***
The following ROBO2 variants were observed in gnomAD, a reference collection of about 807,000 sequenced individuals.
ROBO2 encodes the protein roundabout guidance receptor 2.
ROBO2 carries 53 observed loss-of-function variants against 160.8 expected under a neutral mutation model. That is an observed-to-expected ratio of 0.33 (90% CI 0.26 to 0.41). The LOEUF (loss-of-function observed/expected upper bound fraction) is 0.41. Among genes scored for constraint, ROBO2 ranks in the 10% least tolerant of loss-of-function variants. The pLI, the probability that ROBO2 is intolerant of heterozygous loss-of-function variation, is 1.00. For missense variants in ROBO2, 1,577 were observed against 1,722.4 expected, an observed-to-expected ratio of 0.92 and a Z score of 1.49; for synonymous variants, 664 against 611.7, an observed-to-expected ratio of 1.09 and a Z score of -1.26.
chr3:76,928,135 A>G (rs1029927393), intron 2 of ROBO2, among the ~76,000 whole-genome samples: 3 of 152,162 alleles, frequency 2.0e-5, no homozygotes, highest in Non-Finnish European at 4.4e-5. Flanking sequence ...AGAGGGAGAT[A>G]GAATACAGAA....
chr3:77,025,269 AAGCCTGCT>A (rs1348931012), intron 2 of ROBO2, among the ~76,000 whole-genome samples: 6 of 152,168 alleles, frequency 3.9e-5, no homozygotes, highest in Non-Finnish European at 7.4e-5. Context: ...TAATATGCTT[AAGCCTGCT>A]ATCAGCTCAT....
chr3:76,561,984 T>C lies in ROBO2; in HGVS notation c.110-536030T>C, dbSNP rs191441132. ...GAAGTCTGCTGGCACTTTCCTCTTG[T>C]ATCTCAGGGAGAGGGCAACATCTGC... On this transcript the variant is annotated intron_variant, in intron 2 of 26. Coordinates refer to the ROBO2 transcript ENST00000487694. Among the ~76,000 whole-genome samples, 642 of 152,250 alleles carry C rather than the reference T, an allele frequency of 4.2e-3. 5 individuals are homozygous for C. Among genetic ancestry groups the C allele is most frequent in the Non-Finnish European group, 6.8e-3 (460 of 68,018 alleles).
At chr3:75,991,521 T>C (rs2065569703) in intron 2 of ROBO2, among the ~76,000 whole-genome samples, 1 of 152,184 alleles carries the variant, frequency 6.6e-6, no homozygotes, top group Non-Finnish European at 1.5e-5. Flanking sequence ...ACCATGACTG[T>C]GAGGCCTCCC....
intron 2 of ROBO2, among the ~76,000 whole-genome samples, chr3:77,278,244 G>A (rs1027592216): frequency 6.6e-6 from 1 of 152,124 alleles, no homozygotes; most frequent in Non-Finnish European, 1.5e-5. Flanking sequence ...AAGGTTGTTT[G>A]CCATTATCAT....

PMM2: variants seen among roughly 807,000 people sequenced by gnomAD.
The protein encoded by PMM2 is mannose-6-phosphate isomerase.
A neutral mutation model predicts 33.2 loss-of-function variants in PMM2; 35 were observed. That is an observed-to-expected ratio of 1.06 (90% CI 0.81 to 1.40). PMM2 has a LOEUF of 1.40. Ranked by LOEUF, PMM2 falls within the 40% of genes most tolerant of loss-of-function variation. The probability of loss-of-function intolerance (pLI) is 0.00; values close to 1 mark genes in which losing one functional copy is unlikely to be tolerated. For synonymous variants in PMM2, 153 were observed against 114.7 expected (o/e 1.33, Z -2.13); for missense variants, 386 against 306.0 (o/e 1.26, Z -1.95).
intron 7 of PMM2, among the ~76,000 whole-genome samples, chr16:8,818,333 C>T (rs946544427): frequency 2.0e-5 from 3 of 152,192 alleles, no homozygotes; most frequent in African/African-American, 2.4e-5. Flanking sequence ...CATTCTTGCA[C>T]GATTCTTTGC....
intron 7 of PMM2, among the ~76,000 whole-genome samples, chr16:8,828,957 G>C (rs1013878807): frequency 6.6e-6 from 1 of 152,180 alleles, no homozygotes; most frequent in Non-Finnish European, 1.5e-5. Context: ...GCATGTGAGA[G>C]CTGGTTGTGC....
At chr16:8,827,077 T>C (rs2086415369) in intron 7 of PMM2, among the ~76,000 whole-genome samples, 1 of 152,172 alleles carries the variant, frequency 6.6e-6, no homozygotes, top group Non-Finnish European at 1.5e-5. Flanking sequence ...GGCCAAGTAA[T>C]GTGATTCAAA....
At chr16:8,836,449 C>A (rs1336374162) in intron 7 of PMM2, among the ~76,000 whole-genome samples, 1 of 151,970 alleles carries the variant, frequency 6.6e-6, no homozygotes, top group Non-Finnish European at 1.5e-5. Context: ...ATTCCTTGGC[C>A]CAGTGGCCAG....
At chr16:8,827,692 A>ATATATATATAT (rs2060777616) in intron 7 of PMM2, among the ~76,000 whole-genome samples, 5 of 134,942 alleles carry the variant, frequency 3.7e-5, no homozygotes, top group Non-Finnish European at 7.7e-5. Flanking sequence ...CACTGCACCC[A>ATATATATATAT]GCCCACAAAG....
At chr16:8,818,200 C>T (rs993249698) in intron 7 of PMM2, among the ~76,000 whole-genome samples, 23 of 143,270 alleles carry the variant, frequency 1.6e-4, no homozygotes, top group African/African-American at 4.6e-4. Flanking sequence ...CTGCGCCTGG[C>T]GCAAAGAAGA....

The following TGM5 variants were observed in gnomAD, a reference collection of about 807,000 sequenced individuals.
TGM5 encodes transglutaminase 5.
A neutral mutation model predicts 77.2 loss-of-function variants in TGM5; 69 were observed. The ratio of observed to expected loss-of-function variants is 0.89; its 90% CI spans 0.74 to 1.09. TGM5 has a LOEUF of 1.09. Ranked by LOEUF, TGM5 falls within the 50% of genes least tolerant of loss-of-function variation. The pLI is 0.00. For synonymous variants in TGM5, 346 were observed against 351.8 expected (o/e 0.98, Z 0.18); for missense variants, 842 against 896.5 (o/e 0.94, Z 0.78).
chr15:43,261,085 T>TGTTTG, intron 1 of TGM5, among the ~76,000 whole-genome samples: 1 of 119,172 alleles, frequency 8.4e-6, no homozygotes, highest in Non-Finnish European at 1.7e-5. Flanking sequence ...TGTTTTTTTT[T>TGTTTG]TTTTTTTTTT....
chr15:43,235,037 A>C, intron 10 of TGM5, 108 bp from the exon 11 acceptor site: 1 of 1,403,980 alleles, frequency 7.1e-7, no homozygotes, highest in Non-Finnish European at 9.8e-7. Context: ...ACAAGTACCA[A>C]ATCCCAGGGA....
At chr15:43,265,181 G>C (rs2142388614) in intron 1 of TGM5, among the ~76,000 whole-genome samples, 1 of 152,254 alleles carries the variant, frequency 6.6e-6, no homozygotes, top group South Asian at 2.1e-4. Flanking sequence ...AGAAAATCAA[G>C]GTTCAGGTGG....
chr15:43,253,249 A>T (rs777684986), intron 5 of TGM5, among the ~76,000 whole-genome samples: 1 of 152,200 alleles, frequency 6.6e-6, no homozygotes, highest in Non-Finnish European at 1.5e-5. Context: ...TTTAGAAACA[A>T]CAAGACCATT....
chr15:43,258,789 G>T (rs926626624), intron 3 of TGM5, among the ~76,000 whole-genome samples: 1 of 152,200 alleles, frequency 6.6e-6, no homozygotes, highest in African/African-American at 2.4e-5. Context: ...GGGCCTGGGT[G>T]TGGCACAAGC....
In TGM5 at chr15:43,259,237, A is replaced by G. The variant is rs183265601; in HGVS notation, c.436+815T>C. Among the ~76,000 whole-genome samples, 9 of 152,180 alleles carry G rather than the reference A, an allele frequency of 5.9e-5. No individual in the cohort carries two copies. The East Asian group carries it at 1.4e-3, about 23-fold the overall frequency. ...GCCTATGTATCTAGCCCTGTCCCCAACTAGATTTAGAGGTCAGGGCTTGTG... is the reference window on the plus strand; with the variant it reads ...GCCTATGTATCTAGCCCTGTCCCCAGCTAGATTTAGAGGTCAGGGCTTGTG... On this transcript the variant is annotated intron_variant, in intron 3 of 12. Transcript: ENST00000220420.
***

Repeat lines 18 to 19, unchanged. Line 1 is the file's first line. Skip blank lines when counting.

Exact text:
The following TGM5 variants were observed in gnomAD, a reference collection of about 807,000 sequenced individuals.
TGM5 encodes transglutaminase 5.